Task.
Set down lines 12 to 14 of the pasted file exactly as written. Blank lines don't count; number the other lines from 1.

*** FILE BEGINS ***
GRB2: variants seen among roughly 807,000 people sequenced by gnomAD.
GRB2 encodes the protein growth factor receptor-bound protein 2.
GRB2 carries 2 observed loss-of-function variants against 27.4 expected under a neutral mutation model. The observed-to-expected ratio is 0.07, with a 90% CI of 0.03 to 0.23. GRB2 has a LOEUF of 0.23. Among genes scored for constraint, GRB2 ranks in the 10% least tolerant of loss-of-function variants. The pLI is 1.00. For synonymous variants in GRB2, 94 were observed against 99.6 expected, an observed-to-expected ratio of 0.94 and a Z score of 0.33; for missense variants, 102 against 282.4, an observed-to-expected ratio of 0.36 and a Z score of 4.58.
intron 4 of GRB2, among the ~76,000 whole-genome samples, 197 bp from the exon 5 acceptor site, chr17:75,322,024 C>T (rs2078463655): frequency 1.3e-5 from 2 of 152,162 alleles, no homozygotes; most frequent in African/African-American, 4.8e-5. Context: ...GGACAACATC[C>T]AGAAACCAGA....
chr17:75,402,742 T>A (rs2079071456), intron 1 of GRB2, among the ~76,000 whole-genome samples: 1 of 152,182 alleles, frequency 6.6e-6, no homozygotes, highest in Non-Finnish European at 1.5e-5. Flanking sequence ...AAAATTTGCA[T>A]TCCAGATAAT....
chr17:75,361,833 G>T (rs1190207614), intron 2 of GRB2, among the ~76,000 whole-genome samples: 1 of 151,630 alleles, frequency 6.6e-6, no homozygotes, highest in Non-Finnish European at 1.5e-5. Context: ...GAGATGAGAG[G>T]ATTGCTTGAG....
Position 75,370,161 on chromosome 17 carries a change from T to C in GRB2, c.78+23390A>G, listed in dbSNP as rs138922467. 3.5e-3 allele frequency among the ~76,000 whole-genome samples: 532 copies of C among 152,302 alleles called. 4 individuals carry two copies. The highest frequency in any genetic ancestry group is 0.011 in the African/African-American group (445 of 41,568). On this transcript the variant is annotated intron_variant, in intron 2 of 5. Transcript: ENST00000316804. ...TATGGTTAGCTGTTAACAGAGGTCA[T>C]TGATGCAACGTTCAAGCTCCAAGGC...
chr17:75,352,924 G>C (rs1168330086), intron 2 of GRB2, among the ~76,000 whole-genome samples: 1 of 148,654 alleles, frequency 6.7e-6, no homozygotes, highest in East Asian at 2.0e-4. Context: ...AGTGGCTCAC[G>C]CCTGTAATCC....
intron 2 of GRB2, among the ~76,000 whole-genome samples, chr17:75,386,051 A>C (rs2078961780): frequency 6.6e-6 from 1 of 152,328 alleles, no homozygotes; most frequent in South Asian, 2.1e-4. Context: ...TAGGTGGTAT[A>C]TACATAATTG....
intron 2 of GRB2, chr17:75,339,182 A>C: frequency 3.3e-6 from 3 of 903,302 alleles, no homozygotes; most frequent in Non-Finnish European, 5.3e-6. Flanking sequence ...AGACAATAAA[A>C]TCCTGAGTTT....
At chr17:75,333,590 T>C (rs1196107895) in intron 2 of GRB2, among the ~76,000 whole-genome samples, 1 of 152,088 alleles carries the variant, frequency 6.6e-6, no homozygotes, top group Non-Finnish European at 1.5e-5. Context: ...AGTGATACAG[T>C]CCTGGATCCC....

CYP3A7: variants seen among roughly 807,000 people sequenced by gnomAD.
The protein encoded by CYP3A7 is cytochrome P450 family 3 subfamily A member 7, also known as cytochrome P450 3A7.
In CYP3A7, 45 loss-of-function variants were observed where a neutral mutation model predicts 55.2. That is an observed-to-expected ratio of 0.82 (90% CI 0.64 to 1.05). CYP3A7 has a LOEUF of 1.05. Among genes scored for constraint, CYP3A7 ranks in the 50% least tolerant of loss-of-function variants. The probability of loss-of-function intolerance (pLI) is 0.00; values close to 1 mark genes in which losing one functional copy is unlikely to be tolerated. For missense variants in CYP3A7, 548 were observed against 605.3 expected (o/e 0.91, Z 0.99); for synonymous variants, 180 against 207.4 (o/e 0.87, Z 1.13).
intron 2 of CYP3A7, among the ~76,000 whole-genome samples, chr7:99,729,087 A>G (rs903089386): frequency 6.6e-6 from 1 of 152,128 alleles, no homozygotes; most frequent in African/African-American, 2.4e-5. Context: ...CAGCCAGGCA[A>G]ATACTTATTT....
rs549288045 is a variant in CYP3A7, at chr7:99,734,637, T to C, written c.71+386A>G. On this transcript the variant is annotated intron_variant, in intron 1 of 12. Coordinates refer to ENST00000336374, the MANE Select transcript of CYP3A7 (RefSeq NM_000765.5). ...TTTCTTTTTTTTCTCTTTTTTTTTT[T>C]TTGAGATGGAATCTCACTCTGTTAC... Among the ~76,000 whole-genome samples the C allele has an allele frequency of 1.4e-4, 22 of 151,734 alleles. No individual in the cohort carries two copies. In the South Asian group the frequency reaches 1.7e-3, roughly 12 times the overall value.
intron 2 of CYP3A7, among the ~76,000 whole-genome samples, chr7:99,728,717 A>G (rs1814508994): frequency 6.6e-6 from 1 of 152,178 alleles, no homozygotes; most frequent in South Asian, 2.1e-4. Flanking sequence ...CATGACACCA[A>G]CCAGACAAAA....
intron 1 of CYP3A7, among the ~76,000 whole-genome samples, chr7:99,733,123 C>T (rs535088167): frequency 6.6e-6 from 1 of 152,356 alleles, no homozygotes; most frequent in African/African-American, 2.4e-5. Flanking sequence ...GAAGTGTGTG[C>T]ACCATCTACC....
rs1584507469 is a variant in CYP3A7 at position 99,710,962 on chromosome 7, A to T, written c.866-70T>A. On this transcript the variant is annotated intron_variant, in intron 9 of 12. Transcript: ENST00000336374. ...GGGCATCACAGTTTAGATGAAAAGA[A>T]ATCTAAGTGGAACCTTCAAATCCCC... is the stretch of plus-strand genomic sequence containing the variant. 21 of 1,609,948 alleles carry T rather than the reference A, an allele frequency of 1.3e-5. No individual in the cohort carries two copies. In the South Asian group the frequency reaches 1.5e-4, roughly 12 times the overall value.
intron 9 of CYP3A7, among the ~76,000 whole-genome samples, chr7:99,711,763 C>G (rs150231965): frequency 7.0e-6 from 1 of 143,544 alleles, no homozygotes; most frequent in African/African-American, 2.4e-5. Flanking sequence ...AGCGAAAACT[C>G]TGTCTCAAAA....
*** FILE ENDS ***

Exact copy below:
CYP3A7: variants seen among roughly 807,000 people sequenced by gnomAD.
The protein encoded by CYP3A7 is cytochrome P450 family 3 subfamily A member 7, also known as cytochrome P450 3A7.
In CYP3A7, 45 loss-of-function variants were observed where a neutral mutation model predicts 55.2. That is an observed-to-expected ratio of 0.82 (90% CI 0.64 to 1.05). CYP3A7 has a LOEUF of 1.05. Among genes scored for constraint, CYP3A7 ranks in the 50% least tolerant of loss-of-function variants. The probability of loss-of-function intolerance (pLI) is 0.00; values close to 1 mark genes in which losing one functional copy is unlikely to be tolerated. For missense variants in CYP3A7, 548 were observed against 605.3 expected (o/e 0.91, Z 0.99); for synonymous variants, 180 against 207.4 (o/e 0.87, Z 1.13).